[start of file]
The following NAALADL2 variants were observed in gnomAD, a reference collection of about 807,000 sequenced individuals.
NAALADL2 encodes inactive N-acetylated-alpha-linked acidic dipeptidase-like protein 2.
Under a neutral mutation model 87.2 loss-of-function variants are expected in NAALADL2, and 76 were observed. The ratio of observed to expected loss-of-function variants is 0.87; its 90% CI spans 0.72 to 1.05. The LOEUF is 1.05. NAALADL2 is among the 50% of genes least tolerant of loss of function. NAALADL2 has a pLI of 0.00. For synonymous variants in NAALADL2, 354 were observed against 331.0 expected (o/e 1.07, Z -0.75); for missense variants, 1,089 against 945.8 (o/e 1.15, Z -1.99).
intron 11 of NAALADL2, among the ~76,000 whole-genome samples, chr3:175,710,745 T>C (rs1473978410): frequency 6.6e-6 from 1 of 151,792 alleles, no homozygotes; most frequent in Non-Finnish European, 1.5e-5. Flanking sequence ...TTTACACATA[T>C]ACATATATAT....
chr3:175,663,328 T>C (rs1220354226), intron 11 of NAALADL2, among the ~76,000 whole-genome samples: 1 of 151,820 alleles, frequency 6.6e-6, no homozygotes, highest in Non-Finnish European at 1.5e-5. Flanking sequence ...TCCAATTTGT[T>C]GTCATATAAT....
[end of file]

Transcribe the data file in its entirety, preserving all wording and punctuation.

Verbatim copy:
The following NAALADL2 variants were observed in gnomAD, a reference collection of about 807,000 sequenced individuals.
NAALADL2 encodes inactive N-acetylated-alpha-linked acidic dipeptidase-like protein 2.
Under a neutral mutation model 87.2 loss-of-function variants are expected in NAALADL2, and 76 were observed. The ratio of observed to expected loss-of-function variants is 0.87; its 90% CI spans 0.72 to 1.05. The LOEUF is 1.05. NAALADL2 is among the 50% of genes least tolerant of loss of function. NAALADL2 has a pLI of 0.00. For synonymous variants in NAALADL2, 354 were observed against 331.0 expected (o/e 1.07, Z -0.75); for missense variants, 1,089 against 945.8 (o/e 1.15, Z -1.99).
intron 11 of NAALADL2, among the ~76,000 whole-genome samples, chr3:175,710,745 T>C (rs1473978410): frequency 6.6e-6 from 1 of 151,792 alleles, no homozygotes; most frequent in Non-Finnish European, 1.5e-5. Flanking sequence ...TTTACACATA[T>C]ACATATATAT....
chr3:175,663,328 T>C (rs1220354226), intron 11 of NAALADL2, among the ~76,000 whole-genome samples: 1 of 151,820 alleles, frequency 6.6e-6, no homozygotes, highest in Non-Finnish European at 1.5e-5. Flanking sequence ...TCCAATTTGT[T>C]GTCATATAAT....